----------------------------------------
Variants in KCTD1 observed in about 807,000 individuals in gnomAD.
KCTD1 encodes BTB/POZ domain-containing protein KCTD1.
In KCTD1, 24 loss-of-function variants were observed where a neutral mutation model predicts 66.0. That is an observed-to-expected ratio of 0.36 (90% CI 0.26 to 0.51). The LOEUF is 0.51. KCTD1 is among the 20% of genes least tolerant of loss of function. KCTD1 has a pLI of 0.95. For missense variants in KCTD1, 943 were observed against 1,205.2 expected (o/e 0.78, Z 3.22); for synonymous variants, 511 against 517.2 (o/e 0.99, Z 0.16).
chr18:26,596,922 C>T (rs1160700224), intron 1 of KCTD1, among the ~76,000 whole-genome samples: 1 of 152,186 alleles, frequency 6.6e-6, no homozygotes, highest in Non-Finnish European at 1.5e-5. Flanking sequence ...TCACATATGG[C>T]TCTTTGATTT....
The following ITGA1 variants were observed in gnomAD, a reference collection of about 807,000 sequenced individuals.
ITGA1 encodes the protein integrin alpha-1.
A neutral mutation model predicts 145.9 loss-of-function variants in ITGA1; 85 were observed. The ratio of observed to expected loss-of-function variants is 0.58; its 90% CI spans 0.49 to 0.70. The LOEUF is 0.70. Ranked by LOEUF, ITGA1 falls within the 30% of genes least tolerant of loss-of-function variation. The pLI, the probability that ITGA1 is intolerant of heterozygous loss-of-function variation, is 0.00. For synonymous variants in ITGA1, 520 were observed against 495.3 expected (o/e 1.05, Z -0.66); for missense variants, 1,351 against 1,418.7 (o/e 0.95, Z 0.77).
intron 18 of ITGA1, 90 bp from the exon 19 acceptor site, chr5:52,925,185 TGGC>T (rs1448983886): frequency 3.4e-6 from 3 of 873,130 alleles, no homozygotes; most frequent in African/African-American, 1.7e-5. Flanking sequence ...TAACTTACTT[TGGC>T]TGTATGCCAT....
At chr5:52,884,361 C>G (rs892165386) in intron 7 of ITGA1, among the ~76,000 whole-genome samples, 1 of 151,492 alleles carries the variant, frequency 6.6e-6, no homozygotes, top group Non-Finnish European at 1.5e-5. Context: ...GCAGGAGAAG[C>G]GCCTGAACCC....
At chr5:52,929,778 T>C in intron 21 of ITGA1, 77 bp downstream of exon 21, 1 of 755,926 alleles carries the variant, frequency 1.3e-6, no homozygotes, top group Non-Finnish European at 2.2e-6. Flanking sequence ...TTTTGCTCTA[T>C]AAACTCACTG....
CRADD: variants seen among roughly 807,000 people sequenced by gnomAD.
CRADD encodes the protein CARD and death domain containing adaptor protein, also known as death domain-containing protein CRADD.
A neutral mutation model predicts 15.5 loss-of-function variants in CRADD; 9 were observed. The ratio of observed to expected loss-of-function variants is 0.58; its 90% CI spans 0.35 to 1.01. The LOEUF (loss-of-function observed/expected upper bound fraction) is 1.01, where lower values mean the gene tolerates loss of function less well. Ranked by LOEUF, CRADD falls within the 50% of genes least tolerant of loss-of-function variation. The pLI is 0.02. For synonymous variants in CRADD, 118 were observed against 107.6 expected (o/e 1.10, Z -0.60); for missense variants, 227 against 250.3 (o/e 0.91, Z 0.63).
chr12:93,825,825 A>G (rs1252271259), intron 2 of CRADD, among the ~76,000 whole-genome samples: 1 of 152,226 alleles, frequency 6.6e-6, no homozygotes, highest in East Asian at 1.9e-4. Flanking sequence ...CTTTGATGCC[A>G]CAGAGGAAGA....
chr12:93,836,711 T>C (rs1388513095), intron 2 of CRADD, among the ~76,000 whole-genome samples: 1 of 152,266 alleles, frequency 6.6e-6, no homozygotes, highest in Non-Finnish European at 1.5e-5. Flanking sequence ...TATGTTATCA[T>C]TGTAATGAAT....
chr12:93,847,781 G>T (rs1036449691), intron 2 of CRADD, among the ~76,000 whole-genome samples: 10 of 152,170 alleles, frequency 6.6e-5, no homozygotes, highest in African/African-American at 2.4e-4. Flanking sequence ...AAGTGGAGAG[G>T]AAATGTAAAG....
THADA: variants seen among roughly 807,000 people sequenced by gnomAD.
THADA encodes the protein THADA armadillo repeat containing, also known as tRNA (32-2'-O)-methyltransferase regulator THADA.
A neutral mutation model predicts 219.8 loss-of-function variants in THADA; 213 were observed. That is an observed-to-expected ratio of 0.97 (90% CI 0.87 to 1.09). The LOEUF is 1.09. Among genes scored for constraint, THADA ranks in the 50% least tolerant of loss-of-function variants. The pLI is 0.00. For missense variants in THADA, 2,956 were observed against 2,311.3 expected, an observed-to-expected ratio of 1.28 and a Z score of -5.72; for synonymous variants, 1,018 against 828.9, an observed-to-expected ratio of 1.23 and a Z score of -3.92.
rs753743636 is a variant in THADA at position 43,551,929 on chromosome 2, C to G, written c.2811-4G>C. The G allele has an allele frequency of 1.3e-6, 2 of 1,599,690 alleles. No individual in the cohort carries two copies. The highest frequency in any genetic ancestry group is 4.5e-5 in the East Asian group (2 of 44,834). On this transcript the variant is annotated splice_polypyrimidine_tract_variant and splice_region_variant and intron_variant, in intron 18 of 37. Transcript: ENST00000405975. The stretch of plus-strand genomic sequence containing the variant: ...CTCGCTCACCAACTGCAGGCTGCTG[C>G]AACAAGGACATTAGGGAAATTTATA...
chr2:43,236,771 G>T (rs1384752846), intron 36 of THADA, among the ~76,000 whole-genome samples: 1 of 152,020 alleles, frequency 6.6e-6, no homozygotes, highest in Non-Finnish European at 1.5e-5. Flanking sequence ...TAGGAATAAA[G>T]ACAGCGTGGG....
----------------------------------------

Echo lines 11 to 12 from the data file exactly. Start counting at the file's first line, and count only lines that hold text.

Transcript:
CRADD: variants seen among roughly 807,000 people sequenced by gnomAD.
CRADD encodes the protein CARD and death domain containing adaptor protein, also known as death domain-containing protein CRADD.